Originally Posted by harmbu
"Sorry Coach. I didn't see that. I was watching the play at the plate." I dropped it there because I knew that I was not going to get anywhere with this guy.
Coach, respectfully ask the PU to check with his partner or express your desire to protest the game. Malicious contact involves some judgment but from your description is sounds like the appropriate call. As soon as you mention 'protest' the umpires should be getting together to discuss the rule.
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Old Thu May 01, 2008, 11:58am
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Mr. Harmbu...

Normally, I'd give you a good solid answer here. I was just wondering if you wished to change your story again before I did so. If you were a manager, which you aren't, you'd know that us umpires don't really forget much.

So go coach 1st base and leave the umpires up to your manager. I'll have a couple of laughs at the bar after the game over your typical assistant coach shenanigans.

Some coaches that post here say it how it is (Coach/UMP JM comes to mind). You say it how you want us to hear it. So I'm not going to be baited in.

Unless you want to change your situation that is. Sure you told it right?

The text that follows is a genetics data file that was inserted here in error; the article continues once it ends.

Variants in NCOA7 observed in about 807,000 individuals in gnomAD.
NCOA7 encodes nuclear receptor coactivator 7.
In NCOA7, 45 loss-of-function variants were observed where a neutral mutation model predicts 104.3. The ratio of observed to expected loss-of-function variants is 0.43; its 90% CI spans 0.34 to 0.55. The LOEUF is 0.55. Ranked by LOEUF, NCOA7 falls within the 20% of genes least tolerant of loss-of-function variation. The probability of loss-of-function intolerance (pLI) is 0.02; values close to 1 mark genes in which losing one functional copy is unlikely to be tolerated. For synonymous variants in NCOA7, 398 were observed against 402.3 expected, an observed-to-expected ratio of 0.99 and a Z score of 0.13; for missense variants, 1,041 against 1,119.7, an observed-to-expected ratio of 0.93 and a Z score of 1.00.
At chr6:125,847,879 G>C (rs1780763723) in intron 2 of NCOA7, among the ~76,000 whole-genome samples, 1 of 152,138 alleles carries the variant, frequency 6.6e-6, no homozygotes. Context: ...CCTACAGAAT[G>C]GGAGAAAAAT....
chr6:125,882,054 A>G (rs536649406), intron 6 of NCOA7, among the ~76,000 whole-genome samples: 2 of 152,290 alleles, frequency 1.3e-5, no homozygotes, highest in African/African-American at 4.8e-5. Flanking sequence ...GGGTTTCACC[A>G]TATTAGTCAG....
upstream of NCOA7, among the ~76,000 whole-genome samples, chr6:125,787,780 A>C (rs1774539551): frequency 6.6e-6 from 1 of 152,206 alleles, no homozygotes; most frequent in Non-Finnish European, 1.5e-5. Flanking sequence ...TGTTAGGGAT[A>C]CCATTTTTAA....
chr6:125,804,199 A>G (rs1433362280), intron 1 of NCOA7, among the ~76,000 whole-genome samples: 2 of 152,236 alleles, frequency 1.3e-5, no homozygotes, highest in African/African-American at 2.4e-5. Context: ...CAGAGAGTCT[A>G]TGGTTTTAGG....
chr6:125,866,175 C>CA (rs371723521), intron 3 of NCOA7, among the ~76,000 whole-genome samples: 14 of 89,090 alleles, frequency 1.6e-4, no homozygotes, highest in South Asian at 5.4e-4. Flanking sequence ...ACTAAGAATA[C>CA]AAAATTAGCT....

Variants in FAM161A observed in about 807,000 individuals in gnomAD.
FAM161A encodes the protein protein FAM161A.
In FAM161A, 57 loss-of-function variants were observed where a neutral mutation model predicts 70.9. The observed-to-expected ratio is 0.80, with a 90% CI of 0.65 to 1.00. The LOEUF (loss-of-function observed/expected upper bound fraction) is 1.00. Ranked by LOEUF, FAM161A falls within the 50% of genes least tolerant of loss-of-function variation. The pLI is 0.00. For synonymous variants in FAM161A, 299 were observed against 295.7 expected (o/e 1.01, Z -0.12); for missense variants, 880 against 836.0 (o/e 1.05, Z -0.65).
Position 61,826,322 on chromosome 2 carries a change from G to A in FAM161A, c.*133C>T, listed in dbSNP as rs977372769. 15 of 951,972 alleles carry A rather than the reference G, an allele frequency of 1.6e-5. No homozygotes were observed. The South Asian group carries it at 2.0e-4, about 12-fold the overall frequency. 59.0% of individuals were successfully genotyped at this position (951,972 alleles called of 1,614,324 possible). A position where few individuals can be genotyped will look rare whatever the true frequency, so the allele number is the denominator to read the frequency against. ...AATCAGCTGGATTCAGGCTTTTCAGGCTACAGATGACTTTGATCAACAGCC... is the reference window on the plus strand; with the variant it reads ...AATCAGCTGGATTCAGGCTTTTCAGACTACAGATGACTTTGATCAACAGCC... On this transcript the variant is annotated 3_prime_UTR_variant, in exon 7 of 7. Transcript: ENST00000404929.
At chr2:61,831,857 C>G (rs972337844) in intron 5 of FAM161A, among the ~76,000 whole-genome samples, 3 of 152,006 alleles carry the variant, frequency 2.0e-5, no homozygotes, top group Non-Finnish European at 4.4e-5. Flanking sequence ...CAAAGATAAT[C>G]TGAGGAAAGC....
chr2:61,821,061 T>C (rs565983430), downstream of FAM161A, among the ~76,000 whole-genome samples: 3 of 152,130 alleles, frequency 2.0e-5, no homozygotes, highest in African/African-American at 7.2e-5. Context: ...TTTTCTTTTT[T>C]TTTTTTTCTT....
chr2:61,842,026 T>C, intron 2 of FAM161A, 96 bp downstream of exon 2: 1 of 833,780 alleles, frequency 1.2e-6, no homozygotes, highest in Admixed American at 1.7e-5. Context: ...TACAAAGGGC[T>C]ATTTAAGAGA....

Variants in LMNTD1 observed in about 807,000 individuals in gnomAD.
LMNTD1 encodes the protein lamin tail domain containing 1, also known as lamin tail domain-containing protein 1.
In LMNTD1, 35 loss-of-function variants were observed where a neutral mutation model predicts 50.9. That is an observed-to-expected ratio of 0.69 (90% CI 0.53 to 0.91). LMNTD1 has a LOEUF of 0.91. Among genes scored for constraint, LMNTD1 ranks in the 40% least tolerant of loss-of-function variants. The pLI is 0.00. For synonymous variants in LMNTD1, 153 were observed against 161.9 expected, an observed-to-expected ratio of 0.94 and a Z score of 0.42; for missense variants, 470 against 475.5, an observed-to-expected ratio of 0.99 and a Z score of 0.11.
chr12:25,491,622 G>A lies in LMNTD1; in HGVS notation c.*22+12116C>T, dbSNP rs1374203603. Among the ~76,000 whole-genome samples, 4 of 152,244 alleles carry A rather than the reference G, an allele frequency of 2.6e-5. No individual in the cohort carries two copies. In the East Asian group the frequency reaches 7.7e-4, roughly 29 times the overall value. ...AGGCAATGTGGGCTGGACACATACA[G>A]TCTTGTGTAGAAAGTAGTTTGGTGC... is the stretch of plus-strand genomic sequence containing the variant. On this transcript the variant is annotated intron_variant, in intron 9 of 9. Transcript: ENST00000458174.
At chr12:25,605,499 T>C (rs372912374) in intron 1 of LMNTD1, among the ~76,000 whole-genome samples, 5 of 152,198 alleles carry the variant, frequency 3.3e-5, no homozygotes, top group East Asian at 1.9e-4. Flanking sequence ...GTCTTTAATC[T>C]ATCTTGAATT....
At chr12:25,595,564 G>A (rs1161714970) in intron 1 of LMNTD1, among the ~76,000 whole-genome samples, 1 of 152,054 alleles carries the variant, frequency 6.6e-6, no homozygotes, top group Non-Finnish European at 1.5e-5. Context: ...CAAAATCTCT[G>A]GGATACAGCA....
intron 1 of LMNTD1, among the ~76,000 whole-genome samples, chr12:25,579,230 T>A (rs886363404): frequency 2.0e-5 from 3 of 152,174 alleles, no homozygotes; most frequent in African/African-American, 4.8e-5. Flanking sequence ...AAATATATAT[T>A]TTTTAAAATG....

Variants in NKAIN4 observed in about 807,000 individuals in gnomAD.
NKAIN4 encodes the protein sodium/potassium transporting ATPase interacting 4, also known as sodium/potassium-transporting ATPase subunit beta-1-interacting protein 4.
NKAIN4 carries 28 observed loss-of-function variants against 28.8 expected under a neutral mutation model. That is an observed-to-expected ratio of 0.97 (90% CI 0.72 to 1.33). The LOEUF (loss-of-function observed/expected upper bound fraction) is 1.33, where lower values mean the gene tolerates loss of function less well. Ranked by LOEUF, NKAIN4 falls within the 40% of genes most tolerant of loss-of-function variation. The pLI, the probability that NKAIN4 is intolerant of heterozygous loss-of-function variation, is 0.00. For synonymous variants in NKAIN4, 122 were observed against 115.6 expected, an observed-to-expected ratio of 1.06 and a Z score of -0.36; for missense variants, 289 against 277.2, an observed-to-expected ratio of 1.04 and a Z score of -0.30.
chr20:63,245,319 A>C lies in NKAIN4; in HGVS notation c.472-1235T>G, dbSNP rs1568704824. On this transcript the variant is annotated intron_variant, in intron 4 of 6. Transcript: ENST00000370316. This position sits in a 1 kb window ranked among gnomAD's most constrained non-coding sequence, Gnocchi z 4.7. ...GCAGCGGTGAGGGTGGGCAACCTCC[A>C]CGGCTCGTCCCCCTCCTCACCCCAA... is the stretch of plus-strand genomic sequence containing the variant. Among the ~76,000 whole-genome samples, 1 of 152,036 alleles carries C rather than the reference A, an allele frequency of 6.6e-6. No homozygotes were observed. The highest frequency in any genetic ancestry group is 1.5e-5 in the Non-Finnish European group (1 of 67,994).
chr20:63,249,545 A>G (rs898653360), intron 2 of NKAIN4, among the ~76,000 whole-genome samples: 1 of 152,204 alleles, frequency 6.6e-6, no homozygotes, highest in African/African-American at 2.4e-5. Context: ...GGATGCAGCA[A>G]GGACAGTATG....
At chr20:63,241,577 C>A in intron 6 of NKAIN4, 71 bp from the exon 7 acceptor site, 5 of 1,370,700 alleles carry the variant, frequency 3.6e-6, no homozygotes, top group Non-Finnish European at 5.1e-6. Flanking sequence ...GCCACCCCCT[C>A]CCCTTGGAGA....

(Edited to add): 700 Club!
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Old Thu May 01, 2008, 12:56pm
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Head Coach

I am the head coach (or manager, if you wish) of the team. This was a JV game which followed the varsity game. In the JV game, my assistant coaches third and I coach first. If you want to nitpick, I guess I could be considered the assistant coach for this particular game. I will point out that earlier in the game, the PU had asked me a question about our lineup as I was on my way to coach first base. This tells me that he still saw me as the head coach and not the assistant whom we all know does not exist in the mind to umpires. Even though I hold my assistant coach in high esteem, I do realize that I will sometimes run into umpires who are above speaking to them. When that is the case, I simply have my assistant refer them to me any time they have something to say/ask.